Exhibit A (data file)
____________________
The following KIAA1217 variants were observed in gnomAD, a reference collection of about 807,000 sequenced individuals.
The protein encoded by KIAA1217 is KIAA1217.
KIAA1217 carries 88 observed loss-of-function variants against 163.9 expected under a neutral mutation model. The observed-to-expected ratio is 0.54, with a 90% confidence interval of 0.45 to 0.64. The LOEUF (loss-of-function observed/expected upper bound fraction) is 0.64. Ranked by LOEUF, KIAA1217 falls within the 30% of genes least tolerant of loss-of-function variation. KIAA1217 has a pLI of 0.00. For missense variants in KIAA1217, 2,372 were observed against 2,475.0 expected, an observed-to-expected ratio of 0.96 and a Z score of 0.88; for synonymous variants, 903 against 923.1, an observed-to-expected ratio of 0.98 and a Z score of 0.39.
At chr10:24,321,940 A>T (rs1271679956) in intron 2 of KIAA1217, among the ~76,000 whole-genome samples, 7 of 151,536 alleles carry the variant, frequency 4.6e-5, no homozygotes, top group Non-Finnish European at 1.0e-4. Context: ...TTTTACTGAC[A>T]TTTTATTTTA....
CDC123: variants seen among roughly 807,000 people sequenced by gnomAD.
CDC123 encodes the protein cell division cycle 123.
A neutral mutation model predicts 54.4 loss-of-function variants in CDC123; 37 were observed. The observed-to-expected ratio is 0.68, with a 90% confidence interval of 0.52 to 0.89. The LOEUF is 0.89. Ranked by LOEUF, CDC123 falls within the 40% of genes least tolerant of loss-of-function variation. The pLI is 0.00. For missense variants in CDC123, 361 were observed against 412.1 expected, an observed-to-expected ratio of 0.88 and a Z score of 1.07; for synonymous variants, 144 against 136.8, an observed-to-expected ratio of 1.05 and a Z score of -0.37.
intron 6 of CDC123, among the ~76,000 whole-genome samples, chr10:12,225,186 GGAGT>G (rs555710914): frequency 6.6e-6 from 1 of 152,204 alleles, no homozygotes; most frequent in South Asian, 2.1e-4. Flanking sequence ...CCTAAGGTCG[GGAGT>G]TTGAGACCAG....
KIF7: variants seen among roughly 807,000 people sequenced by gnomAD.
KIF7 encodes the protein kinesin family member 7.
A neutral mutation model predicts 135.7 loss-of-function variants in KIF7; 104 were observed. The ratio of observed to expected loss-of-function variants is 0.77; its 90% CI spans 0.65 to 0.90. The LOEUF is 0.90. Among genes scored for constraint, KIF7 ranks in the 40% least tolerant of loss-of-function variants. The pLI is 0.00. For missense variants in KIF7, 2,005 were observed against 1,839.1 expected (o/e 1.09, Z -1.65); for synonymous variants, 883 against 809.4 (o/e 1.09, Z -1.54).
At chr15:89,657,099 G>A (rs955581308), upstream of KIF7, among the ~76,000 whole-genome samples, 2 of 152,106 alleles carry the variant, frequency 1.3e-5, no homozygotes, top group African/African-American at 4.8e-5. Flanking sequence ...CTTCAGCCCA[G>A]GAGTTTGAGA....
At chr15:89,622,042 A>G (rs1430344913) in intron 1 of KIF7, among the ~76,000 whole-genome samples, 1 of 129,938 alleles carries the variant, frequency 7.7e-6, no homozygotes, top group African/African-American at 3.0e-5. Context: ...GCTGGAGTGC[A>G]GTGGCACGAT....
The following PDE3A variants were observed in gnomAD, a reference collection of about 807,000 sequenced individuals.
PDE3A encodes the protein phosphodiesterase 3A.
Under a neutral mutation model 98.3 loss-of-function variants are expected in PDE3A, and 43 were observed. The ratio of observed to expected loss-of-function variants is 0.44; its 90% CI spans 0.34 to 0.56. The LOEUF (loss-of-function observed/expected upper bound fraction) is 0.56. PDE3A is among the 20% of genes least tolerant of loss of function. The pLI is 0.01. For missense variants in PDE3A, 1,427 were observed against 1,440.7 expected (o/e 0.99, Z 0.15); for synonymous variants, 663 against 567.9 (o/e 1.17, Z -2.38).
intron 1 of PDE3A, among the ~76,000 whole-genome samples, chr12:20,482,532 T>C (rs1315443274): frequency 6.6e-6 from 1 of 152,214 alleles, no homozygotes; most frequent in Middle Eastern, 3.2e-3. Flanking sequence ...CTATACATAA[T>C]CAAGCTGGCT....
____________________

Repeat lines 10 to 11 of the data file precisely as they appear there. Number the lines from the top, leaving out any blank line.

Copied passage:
KIF7 encodes the protein kinesin family member 7.
A neutral mutation model predicts 135.7 loss-of-function variants in KIF7; 104 were observed. The ratio of observed to expected loss-of-function variants is 0.77; its 90% CI spans 0.65 to 0.90. The LOEUF is 0.90. Among genes scored for constraint, KIF7 ranks in the 40% least tolerant of loss-of-function variants. The pLI is 0.00. For missense variants in KIF7, 2,005 were observed against 1,839.1 expected (o/e 1.09, Z -1.65); for synonymous variants, 883 against 809.4 (o/e 1.09, Z -1.54).